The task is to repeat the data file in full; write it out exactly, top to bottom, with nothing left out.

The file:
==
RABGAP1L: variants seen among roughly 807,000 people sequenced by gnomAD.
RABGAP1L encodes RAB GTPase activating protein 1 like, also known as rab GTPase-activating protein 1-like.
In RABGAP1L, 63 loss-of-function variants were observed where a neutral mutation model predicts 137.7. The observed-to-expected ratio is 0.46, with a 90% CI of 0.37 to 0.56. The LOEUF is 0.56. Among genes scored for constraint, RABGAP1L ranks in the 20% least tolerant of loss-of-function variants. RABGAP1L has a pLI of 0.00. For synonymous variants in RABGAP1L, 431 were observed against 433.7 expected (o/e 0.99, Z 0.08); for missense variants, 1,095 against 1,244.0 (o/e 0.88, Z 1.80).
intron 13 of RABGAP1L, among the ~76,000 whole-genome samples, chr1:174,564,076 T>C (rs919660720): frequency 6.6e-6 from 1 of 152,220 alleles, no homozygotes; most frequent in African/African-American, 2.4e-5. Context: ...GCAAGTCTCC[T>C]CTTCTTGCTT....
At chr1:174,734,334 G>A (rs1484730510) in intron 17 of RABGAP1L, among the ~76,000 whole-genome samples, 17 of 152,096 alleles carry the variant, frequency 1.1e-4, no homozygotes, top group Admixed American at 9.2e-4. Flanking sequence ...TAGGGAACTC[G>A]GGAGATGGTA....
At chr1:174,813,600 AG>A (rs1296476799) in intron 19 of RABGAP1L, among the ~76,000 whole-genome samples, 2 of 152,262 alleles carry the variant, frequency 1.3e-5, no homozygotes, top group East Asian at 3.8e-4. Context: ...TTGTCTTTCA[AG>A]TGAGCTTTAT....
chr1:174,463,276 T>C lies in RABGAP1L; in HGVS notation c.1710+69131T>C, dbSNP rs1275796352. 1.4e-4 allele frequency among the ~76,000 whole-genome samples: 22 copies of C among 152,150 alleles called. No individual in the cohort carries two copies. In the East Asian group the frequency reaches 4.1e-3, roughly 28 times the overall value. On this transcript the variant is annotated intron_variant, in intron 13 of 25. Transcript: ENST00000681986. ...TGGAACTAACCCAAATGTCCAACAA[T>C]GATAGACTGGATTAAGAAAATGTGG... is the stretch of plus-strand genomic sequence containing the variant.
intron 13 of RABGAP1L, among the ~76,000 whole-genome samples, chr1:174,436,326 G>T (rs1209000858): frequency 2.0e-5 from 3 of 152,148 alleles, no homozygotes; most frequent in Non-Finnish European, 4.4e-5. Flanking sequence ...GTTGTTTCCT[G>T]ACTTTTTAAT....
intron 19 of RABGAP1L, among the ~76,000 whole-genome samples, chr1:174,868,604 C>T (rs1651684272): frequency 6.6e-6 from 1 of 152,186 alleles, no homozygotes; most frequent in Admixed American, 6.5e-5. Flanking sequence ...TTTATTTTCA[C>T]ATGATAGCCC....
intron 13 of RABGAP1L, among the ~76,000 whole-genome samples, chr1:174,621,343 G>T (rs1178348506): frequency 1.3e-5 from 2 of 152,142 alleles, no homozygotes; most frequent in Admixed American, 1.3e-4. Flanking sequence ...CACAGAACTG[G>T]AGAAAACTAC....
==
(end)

RABGAP1L: variants seen among roughly 807,000 people sequenced by gnomAD.
RABGAP1L encodes RAB GTPase activating protein 1 like, also known as rab GTPase-activating protein 1-like.
In RABGAP1L, 63 loss-of-function variants were observed where a neutral mutation model predicts 137.7. The observed-to-expected ratio is 0.46, with a 90% CI of 0.37 to 0.56. The LOEUF is 0.56. Among genes scored for constraint, RABGAP1L ranks in the 20% least tolerant of loss-of-function variants. RABGAP1L has a pLI of 0.00. For synonymous variants in RABGAP1L, 431 were observed against 433.7 expected (o/e 0.99, Z 0.08); for missense variants, 1,095 against 1,244.0 (o/e 0.88, Z 1.80).
intron 13 of RABGAP1L, among the ~76,000 whole-genome samples, chr1:174,564,076 T>C (rs919660720): frequency 6.6e-6 from 1 of 152,220 alleles, no homozygotes; most frequent in African/African-American, 2.4e-5. Context: ...GCAAGTCTCC[T>C]CTTCTTGCTT....
At chr1:174,734,334 G>A (rs1484730510) in intron 17 of RABGAP1L, among the ~76,000 whole-genome samples, 17 of 152,096 alleles carry the variant, frequency 1.1e-4, no homozygotes, top group Admixed American at 9.2e-4. Flanking sequence ...TAGGGAACTC[G>A]GGAGATGGTA....
At chr1:174,813,600 AG>A (rs1296476799) in intron 19 of RABGAP1L, among the ~76,000 whole-genome samples, 2 of 152,262 alleles carry the variant, frequency 1.3e-5, no homozygotes, top group East Asian at 3.8e-4. Context: ...TTGTCTTTCA[AG>A]TGAGCTTTAT....
chr1:174,463,276 T>C lies in RABGAP1L; in HGVS notation c.1710+69131T>C, dbSNP rs1275796352. 1.4e-4 allele frequency among the ~76,000 whole-genome samples: 22 copies of C among 152,150 alleles called. No individual in the cohort carries two copies. In the East Asian group the frequency reaches 4.1e-3, roughly 28 times the overall value. On this transcript the variant is annotated intron_variant, in intron 13 of 25. Transcript: ENST00000681986. ...TGGAACTAACCCAAATGTCCAACAA[T>C]GATAGACTGGATTAAGAAAATGTGG... is the stretch of plus-strand genomic sequence containing the variant.
intron 13 of RABGAP1L, among the ~76,000 whole-genome samples, chr1:174,436,326 G>T (rs1209000858): frequency 2.0e-5 from 3 of 152,148 alleles, no homozygotes; most frequent in Non-Finnish European, 4.4e-5. Flanking sequence ...GTTGTTTCCT[G>T]ACTTTTTAAT....
intron 19 of RABGAP1L, among the ~76,000 whole-genome samples, chr1:174,868,604 C>T (rs1651684272): frequency 6.6e-6 from 1 of 152,186 alleles, no homozygotes; most frequent in Admixed American, 6.5e-5. Flanking sequence ...TTTATTTTCA[C>T]ATGATAGCCC....
intron 13 of RABGAP1L, among the ~76,000 whole-genome samples, chr1:174,621,343 G>T (rs1178348506): frequency 1.3e-5 from 2 of 152,142 alleles, no homozygotes; most frequent in Admixed American, 1.3e-4. Flanking sequence ...CACAGAACTG[G>T]AGAAAACTAC....